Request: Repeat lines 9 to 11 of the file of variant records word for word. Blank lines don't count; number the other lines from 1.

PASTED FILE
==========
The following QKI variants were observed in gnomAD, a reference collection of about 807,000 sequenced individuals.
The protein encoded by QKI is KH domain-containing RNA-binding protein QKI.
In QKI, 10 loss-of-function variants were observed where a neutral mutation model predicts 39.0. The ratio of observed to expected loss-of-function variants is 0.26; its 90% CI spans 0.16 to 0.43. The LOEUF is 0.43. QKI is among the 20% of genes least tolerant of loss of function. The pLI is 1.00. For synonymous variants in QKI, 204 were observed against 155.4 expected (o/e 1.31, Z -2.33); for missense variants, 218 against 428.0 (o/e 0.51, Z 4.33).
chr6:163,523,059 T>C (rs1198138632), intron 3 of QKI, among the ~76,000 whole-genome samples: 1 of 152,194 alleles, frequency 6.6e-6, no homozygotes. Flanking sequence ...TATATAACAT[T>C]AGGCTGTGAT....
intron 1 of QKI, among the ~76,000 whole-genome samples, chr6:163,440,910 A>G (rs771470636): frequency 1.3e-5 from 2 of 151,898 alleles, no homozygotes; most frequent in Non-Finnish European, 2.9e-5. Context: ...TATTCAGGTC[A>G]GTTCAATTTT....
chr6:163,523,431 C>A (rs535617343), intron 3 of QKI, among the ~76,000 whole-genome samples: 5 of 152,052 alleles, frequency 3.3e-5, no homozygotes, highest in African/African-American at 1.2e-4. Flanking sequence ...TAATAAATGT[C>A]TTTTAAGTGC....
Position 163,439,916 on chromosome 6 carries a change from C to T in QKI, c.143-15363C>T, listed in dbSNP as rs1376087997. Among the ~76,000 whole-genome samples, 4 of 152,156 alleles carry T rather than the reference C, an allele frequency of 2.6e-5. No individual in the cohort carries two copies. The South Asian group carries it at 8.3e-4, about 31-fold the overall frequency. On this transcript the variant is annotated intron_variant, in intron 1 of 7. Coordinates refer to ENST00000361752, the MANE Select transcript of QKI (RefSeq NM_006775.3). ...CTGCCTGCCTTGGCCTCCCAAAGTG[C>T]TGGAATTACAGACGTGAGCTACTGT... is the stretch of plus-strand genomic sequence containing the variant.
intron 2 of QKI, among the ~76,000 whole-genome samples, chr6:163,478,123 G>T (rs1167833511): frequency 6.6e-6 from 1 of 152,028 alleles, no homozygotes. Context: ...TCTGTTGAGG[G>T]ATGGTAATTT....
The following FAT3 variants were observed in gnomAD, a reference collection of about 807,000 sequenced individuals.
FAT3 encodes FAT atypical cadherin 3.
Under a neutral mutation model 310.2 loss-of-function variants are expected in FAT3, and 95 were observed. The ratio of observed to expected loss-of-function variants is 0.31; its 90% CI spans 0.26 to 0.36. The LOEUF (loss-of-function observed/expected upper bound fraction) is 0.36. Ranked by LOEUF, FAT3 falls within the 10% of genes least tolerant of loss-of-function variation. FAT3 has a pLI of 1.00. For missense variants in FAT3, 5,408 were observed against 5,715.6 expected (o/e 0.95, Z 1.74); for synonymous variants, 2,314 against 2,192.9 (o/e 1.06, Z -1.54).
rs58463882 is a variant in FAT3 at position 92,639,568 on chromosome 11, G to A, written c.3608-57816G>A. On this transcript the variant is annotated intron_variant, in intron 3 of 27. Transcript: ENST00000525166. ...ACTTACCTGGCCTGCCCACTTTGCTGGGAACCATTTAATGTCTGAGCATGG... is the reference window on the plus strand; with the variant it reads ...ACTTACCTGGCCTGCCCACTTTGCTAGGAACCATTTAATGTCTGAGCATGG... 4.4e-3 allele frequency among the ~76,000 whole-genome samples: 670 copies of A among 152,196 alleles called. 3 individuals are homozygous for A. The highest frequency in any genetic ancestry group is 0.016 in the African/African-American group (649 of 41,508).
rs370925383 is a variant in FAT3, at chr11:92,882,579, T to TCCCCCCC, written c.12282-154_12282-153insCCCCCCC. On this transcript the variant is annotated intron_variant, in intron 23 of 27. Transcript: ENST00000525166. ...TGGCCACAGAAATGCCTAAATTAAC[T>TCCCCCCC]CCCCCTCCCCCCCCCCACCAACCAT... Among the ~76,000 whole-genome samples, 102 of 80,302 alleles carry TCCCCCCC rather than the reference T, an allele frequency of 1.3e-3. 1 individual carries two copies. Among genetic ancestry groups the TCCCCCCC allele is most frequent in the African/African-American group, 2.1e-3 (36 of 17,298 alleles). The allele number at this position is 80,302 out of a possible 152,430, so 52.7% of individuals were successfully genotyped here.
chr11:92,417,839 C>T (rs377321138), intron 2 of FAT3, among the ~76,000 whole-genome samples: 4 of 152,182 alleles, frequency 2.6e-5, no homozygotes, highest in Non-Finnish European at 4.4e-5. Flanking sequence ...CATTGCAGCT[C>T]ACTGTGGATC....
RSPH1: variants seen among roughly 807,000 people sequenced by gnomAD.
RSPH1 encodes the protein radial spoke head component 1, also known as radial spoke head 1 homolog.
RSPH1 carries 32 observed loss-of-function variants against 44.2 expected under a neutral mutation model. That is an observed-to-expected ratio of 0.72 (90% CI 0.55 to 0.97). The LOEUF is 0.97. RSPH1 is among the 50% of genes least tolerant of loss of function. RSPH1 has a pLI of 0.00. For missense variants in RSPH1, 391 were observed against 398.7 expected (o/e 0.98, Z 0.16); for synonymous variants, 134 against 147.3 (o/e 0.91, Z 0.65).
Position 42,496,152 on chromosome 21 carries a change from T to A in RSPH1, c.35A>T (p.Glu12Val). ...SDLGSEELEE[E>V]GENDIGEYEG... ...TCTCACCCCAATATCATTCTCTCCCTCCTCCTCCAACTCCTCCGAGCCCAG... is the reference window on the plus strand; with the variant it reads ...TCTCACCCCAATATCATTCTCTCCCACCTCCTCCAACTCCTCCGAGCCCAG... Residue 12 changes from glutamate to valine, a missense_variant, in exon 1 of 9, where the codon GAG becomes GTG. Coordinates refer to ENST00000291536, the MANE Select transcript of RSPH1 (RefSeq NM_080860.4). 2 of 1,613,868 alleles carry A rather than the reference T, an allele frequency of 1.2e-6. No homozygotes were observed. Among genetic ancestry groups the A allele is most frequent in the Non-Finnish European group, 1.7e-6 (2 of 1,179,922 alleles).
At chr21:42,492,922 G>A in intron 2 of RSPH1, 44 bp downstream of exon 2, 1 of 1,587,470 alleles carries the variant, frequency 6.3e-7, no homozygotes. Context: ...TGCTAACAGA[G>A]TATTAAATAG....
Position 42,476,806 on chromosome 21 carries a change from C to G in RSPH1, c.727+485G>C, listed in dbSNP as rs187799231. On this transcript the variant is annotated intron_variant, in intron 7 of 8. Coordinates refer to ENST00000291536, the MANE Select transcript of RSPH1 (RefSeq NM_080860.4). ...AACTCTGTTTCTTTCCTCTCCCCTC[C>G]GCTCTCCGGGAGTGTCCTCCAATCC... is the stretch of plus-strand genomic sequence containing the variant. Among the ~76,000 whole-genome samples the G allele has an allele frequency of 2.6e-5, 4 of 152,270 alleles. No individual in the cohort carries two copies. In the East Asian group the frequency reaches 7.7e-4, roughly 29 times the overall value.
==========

The following FAT3 variants were observed in gnomAD, a reference collection of about 807,000 sequenced individuals.
FAT3 encodes FAT atypical cadherin 3.
Under a neutral mutation model 310.2 loss-of-function variants are expected in FAT3, and 95 were observed. The ratio of observed to expected loss-of-function variants is 0.31; its 90% CI spans 0.26 to 0.36. The LOEUF (loss-of-function observed/expected upper bound fraction) is 0.36. Ranked by LOEUF, FAT3 falls within the 10% of genes least tolerant of loss-of-function variation. FAT3 has a pLI of 1.00. For missense variants in FAT3, 5,408 were observed against 5,715.6 expected (o/e 0.95, Z 1.74); for synonymous variants, 2,314 against 2,192.9 (o/e 1.06, Z -1.54).